Post-Katrina focus turns to home ownership
September 19, 2005
Bush's plans call for Urban Homesteading Act
By Jessica Swesey
President Bush is promoting home ownership in the wake of Hurricane Katrina with plans for an Urban Homesteading Act, which would make some federally owned land free to eligible low-income families through a lottery.
In return, the families would pledge to build homes on the lots with either a mortgage or help from a charitable organization like Habitat for Humanity.
Bush unveiled the homesteading plans Thursday during his address to the nation from Jackson Square, New Orleans, saying, "When the houses are rebuilt, more families should own, not rent, those houses."
"Home ownership is one of the great strengths of any community, and it must be a central part of our vision for the revival of this region," Bush said in prepared remarks.
The administration has yet to reveal how much land is available for the homesteading initiative or how families will be eligible. Critics of the plan have argued that free federal land won't go far enough to house victims if they have no income to pay mortgages.
The Department of Housing and Urban Development, in cooperation with other federal agencies, local governments and public housing authorities, will support the development of homes on federal property in New Orleans and cities across the affected region. The government also will encourage nonprofit organizations to commit properties to the effort.
Homesteading is not a new concept. In the late 1800s, people lined up for their chance at owning land the government was practically giving away as part of a plan to stimulate settlement of western territory.
The Homestead Act, passed during the Civil War on May 20, 1862, provided that any adult citizen – or person intending to become a citizen – who headed a family could qualify for a land grant of 160 acres. All families had to do was pay a small registration fee, build a house on the land and cultivate the land continuously for five years. After only six months' residence, a settler could own the land for a mere $1.25 per acre, a steal even in those days.
Thirty states were eligible for land settlement under the Homestead Act, and they were mostly located in the West, Midwest and some Southern states. Non-homesteading states included almost all eastern states and Texas.
About 8 percent to 10 percent of land in the U.S., or 270 million acres, was settled under the Homestead Act, according to the Homestead National Monument of America Web site.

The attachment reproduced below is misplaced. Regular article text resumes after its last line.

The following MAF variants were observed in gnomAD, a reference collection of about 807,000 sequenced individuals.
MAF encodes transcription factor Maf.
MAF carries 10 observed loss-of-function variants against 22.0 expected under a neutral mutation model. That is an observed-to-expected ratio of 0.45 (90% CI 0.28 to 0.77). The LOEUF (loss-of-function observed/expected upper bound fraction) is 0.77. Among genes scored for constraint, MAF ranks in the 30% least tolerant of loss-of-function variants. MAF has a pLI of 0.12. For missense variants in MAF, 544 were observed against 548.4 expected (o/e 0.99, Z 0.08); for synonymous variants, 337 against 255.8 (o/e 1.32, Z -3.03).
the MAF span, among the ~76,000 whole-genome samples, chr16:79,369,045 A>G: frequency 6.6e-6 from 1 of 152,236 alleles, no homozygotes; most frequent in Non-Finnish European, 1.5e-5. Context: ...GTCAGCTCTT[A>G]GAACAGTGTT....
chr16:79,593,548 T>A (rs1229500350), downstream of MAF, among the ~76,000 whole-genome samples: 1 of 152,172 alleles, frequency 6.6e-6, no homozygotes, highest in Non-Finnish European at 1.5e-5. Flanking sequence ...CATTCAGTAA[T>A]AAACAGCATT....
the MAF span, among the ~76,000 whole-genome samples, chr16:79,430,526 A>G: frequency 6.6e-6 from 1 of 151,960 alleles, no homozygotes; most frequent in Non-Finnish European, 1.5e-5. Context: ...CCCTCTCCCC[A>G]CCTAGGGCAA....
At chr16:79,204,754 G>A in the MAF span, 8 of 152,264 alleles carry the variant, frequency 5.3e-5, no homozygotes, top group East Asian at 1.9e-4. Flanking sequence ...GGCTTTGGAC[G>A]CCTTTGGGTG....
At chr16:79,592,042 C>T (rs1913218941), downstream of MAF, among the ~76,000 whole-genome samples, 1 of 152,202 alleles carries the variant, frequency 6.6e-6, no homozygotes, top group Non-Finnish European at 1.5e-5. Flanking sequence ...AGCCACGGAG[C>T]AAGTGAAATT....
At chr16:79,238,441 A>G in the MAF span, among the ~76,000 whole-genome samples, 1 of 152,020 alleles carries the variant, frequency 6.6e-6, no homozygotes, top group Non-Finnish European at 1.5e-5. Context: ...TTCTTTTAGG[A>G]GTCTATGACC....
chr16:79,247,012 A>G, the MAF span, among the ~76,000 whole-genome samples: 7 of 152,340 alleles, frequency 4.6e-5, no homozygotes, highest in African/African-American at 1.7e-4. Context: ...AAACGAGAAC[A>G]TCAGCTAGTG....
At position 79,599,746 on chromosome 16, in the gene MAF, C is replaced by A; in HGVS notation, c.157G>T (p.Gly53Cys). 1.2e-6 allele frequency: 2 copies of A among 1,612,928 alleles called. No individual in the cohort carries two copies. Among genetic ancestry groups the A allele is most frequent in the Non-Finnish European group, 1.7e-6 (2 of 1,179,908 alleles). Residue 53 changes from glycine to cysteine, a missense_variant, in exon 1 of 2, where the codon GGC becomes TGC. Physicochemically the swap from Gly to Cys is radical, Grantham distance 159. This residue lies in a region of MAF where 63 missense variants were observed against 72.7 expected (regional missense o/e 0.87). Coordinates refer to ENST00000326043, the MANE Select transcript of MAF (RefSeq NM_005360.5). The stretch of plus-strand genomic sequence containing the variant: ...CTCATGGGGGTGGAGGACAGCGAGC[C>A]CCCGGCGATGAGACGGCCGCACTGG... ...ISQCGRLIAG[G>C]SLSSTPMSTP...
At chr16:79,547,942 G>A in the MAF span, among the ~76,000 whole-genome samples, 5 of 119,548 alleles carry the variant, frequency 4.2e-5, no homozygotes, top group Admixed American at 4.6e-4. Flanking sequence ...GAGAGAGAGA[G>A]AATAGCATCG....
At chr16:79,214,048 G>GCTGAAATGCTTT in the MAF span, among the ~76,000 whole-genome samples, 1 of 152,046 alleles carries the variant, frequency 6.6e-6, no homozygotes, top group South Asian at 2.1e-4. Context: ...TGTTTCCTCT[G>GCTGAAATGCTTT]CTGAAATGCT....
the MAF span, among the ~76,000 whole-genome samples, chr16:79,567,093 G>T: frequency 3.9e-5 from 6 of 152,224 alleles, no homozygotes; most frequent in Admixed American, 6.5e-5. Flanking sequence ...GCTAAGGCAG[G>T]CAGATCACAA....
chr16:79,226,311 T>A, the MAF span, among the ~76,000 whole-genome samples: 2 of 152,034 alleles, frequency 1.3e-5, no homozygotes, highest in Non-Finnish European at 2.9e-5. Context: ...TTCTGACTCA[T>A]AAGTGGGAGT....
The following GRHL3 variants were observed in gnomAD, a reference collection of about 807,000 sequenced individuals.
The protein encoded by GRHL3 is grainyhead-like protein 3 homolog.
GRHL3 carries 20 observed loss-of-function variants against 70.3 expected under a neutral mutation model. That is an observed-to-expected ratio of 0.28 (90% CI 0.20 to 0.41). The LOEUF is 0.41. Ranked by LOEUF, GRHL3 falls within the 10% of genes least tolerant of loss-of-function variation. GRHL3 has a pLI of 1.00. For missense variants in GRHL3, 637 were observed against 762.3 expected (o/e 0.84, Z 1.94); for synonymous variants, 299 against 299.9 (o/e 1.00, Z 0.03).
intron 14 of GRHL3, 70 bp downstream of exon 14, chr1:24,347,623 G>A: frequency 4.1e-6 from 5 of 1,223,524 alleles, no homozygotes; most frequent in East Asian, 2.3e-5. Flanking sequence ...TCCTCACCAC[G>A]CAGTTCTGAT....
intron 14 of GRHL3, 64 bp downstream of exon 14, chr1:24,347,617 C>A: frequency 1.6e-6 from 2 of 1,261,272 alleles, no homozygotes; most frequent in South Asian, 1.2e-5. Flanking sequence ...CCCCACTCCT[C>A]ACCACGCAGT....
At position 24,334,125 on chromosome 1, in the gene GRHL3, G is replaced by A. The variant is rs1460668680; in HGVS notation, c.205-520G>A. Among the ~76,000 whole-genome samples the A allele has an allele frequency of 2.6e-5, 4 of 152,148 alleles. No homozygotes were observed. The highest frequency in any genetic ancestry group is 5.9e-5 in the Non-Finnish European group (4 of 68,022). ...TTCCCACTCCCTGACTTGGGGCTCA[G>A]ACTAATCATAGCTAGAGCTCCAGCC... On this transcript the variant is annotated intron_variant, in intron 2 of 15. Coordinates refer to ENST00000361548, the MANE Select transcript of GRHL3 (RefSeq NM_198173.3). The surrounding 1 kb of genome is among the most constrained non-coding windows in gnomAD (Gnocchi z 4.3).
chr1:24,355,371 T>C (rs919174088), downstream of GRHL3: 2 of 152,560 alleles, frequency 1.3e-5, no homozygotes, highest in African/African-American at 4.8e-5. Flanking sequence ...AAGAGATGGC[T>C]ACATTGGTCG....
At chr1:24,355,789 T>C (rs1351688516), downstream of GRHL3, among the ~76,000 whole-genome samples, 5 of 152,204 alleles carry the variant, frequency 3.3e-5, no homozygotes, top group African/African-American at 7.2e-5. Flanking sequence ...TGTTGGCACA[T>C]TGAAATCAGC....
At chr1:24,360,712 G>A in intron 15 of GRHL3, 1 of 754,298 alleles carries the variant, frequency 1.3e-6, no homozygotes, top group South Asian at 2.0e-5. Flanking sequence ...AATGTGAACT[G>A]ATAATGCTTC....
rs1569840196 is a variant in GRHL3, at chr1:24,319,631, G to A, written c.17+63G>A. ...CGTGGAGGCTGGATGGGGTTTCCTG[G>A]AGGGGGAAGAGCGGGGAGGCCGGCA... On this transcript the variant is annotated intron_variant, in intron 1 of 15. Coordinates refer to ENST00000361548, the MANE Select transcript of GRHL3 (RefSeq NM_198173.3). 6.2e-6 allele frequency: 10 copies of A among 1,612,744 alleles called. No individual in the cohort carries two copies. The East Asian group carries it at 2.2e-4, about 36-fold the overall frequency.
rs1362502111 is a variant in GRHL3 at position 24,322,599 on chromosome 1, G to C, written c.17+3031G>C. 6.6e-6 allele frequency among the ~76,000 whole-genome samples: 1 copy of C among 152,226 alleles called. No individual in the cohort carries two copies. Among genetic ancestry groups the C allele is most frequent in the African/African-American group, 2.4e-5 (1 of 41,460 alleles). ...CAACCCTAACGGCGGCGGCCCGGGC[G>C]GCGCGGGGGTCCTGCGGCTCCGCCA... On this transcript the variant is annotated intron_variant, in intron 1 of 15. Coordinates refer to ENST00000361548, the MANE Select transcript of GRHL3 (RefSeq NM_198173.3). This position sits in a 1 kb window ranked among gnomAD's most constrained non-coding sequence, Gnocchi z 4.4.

An estimated 400,000 to 600,000 families were provided with new farms as a result of the original act and amendments, according to a report in Ancestry Magazine by author and researcher Michael John Neill.
Like housing policies of today, there is some disagreement among observers about whether the Homestead Act of 1862 ultimately succeeded or failed its original intention. According to some, the law did not provide the new beginning for urban slum residents that lawmakers were hoping for. Few families had the resources necessary to start a farm even if the land was free. Over time, many of the individual homesteads were replaced with a smaller number of larger farms, according to a discussion on Houghton Mifflin's American history Web site.
The Homestead Act remained in effect until 1976 when the Federal Land Policy and Management Act repealed it, but granted a 10-year extension on claims for Alaska. The last known homesteader is a native Californian named Kenneth Deardorff, according to the Homestead National Monument site. In 1974, the young Vietnam veteran filed a homestead claim for 80 acres of land on the Stony River in southwestern Alaska.
Today, a few states in the Midwest have revisited the idea behind the Homestead Act of 1862 to try to give people incentives to stay in rural areas and reverse a long-term trend of out-migration.
Sen. Byron Dorgan, D-N.D., in March introduced the "New Homestead Act of 2005," a bill that would use tax and other financial incentives to repopulate rural America, aiming to fight out-migration of people from rural communities and boost rural economies.
Dorgan's bill would create a tax credit for the purchase of a new home, as well as "Individual Homestead Accounts" to help build savings and access to credit and capital for people who live and work in rural counties that suffer from high out-migration. The bill also would provide investment tax credits that states could use to attract businesses to locate and expand in rural areas.
In addition, it would establish a "New Homestead Venture Capital Fund" for investments in start-up and expanding businesses, repayment of 50 percent of college loans (up to $10,000) for recent college graduates who live and work in high out-migration counties for at least five years.
Dorgan in a statement said that communities from North Dakota to Northern Texas have suffered population losses and economic devastation for decades, and that many rural communities are in danger of becoming ghost towns.
Several communities in Kansas also are offering free land and other incentives to help rural areas sustain and grow economically. Seven communities are identified on KansasFreeLand.com as participating in these programs. They are Atwood, Plainville, Lincoln, Minneapolis, Ellsworth County, Marquette and Chetopa.
Copyright 2005 Inman News
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